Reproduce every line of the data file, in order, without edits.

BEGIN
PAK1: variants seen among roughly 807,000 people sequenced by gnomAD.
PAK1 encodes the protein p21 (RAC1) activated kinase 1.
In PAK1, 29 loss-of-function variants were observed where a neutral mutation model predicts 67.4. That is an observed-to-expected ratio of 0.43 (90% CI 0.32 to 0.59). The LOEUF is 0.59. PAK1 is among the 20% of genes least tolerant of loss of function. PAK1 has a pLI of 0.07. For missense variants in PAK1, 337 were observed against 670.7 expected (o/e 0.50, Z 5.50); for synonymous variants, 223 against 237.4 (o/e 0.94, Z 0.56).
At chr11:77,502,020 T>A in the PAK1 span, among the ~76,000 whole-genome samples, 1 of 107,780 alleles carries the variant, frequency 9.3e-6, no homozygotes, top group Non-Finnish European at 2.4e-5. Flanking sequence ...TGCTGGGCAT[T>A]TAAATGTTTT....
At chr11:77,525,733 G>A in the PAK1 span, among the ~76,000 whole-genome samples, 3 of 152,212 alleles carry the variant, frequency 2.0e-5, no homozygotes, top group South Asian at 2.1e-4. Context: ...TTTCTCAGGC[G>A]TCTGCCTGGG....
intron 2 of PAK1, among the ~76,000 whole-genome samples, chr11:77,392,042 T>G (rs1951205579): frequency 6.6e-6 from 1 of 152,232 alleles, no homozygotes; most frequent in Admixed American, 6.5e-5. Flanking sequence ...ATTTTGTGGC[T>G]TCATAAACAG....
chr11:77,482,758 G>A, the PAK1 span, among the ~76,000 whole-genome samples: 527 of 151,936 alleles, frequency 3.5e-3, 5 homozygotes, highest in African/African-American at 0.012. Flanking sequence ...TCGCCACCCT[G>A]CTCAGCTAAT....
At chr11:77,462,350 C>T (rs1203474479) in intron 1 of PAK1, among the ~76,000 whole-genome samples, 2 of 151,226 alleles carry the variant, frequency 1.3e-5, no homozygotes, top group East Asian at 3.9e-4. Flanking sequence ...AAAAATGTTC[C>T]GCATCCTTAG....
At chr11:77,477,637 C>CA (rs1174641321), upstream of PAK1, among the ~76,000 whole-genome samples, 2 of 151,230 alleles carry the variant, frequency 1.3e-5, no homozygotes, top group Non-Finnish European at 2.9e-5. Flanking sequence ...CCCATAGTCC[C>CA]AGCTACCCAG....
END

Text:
PAK1: variants seen among roughly 807,000 people sequenced by gnomAD.
PAK1 encodes the protein p21 (RAC1) activated kinase 1.
In PAK1, 29 loss-of-function variants were observed where a neutral mutation model predicts 67.4. That is an observed-to-expected ratio of 0.43 (90% CI 0.32 to 0.59). The LOEUF is 0.59. PAK1 is among the 20% of genes least tolerant of loss of function. PAK1 has a pLI of 0.07. For missense variants in PAK1, 337 were observed against 670.7 expected (o/e 0.50, Z 5.50); for synonymous variants, 223 against 237.4 (o/e 0.94, Z 0.56).
At chr11:77,502,020 T>A in the PAK1 span, among the ~76,000 whole-genome samples, 1 of 107,780 alleles carries the variant, frequency 9.3e-6, no homozygotes, top group Non-Finnish European at 2.4e-5. Flanking sequence ...TGCTGGGCAT[T>A]TAAATGTTTT....
At chr11:77,525,733 G>A in the PAK1 span, among the ~76,000 whole-genome samples, 3 of 152,212 alleles carry the variant, frequency 2.0e-5, no homozygotes, top group South Asian at 2.1e-4. Context: ...TTTCTCAGGC[G>A]TCTGCCTGGG....
intron 2 of PAK1, among the ~76,000 whole-genome samples, chr11:77,392,042 T>G (rs1951205579): frequency 6.6e-6 from 1 of 152,232 alleles, no homozygotes; most frequent in Admixed American, 6.5e-5. Flanking sequence ...ATTTTGTGGC[T>G]TCATAAACAG....
chr11:77,482,758 G>A, the PAK1 span, among the ~76,000 whole-genome samples: 527 of 151,936 alleles, frequency 3.5e-3, 5 homozygotes, highest in African/African-American at 0.012. Flanking sequence ...TCGCCACCCT[G>A]CTCAGCTAAT....
At chr11:77,462,350 C>T (rs1203474479) in intron 1 of PAK1, among the ~76,000 whole-genome samples, 2 of 151,226 alleles carry the variant, frequency 1.3e-5, no homozygotes, top group East Asian at 3.9e-4. Flanking sequence ...AAAAATGTTC[C>T]GCATCCTTAG....
At chr11:77,477,637 C>CA (rs1174641321), upstream of PAK1, among the ~76,000 whole-genome samples, 2 of 151,230 alleles carry the variant, frequency 1.3e-5, no homozygotes, top group Non-Finnish European at 2.9e-5. Flanking sequence ...CCCATAGTCC[C>CA]AGCTACCCAG....